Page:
The first day had given England great hope and optimism. Even some of the Aussies we spoke to en route to the game, or in the bar the night before thought we’d shown some fight and ticker, and that this might be a competitive series. They wanted to bury us, still, but they also wanted to see their team tested.
Then there was Malcolm Conn.
One of the routines I got into in Australia was to wake up and get the morning papers, and read them over breakfast. I’d arranged to meet Matt at another silly hour, and got to the ground nice and early. We secured much better seats than Day 1, and then wandered to the north side of the ground for some breakfast. I bought the paper, think it might have been The Australian, and then read the wondrous article from this slack jawed imbecile. No, I;m not giving him the benefit of the doubt about being a wind-up merchant. There’s no acceptance from me for articles that should insult the intelligence of everyone who reads them.
I will try to recount what it said, if I could find it on line. Instead I have had to borrow from Nigel Henderson’s book “It It Was Raining Palaces I’d Get Hit By The Dunny Door”, who had a similar reaction to mine when he read it. In it he quotes Conn:
“Anticipation was replaced by anticlimax as England unveiled its secret weapon to retain the Ashes – boredom. England had the world at its feet but could barely move for much of the day. Indeed one of the greatest moments of animation and excitement from the touring party came before a single ball was bowled, when captain Andrew Flintoff won the toss and batted on one of the most benign pitches ever presented.”
It went on like that. OK, no-one was confusing the previous day with a barnstoming thriller, but it wasn’t dull. Not at all. It was hard fought. Australia bowled well, England kept them at bay, and as the day moved on, the score ticked over. The final session saw England score at nigh on 4 an over. KP had certainly imposed his personality on the game. On my previous tour my mate made a video of my various deluded rantings during play, and I remember never encountering Conn before, and reading his one eyed garbage. I said “if I read Conn saying one positive thing about England before I leave Australia, I’ll eat the hat I’m wearing.”
It speaks volumes that I still remember this nonsense, and felt that it was now down to KP and Collingwood to ram this gobshite drivel down his throat. We wandered back to the ground, chuntering about the old drivel we’d just read, and that Millwall had drawn their 2nd Round FA Cup tie the night before.away at Bradford (we’d played on a Friday night and I had no clue we were until my brother texted me).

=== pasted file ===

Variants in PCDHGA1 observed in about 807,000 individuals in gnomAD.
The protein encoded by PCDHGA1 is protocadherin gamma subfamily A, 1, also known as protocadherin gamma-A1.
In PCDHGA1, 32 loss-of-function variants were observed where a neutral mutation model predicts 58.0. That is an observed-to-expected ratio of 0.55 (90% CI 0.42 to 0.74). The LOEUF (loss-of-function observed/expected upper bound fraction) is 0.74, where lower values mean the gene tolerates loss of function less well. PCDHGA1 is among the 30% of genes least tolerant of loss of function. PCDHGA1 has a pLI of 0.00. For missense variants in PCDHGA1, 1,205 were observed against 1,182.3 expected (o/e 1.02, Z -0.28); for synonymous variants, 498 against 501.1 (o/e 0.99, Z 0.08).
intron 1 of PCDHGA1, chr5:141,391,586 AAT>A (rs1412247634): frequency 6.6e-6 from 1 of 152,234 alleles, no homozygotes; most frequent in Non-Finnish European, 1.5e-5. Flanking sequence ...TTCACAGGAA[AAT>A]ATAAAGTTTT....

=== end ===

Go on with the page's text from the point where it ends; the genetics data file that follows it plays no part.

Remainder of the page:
So, proceedings resumed at 266 for 3. Kevin Pietersen on 60, Paul Collingwood on 98. KP would face the first ball of the day, the weather was set fair again, the other lads had seats near the Don Bradman Stand to the south of the ground, while Sir Peter joined me an Matt in the Members and we’d secured an additional pass for the day. Saturday at Adelaide in 2002 had been a scorching little affair, with it over 40 degrees. It wasn’t quite that blazing that day.
The key for Australia was to break this partnership early. They started the day with Stuart Clark who bowled a maiden to a careful Pietersen. Collingwood, surely a little nervous and probably short of a little sleep, took up guard on 98 and faced Brett Lee. The camera was ready for the moment should it come. I had to wait for the second ball. Lee erred on to Collingwood’s pads, and he gleefully whipped it through the legside for three runs and a fantastic century.
The cheers rang from the England supporters all around the ground. There were bundles of them in all corners of the ground. Stuff that Australian Cricket Family twaddle up your you know what, James Sutherland. The cheers went on a little, recognising the triumph of a truly fantastic competitor. One of the unheralded ones, one of those us mere mortals aspire to be. It felt bloody good to be there sharing it with him. Magnificent.
But even then I hated small tons, and there was work for Paul Collingwood to do. 100 wasn’t going to be enough, because it was Freddie next and not much else, the form they were in. I remembered how 350 was inadequate in 2002, and that we needed a lot more on this surface.
The rest of the morning pretty much was dominated by Pietersen. There’s a lot I’ve said about Pietersen on this blog over the years (including its predecessor), but I have only ever seen Michael Vaughan be as dominant as this, as fluent as this, against Australia since they became the real world power post-1989. Pietersen clearly had the Australians rattled. There were the rumours here that he was being called FIGJAM (hilariously watered down in one Aussie journal to GIGJAM – the G being for God).
Collingwood settled down after his hundred with a four, and it took a few overs for KP to get his total moving with a 3 off Brett Lee. This had followed a “controversial moment” two balls before. Brett Lee beat KP and there was a large appeal for caught behind. Not Out was the verdict from Steve Bucknor. A little while later the replays showed there was a hot spot. No reviews in those days. It was a gentler time!!!
Pietersen added three off the next over, and then started to put the foot down. The opening ball of a Brett Lee over was greeted with an emphatic pull shot, and the following over smashing an inviting ball outside off stump from McGrath through the covers. Pietersen always said he never found McGrath that difficult to face, and he set about proving it. Two balls later he smashed one past the grumpy bowler for four. A couple of balls later and he smashed a ball on his legs through midwicket for four. We’d not seen someone go for McGrath like this, and certainly not in Australia. That evening, Pidge’s position in the team was being openly questioned. England were now 300 for 3.
Pietersen was now in the 80s, and Collingwood was comfortable letting him go for his shots while staying solid at the other end. There were a couple of little scares, but with supporting England against this Aussie team, I don’t think, as a spectator you were ever comfortable. The one thing I do remember surprising me was it taking them nearly an hour to get Shane Warne on. It was the 14th over of the morning, and he started with KP on 90.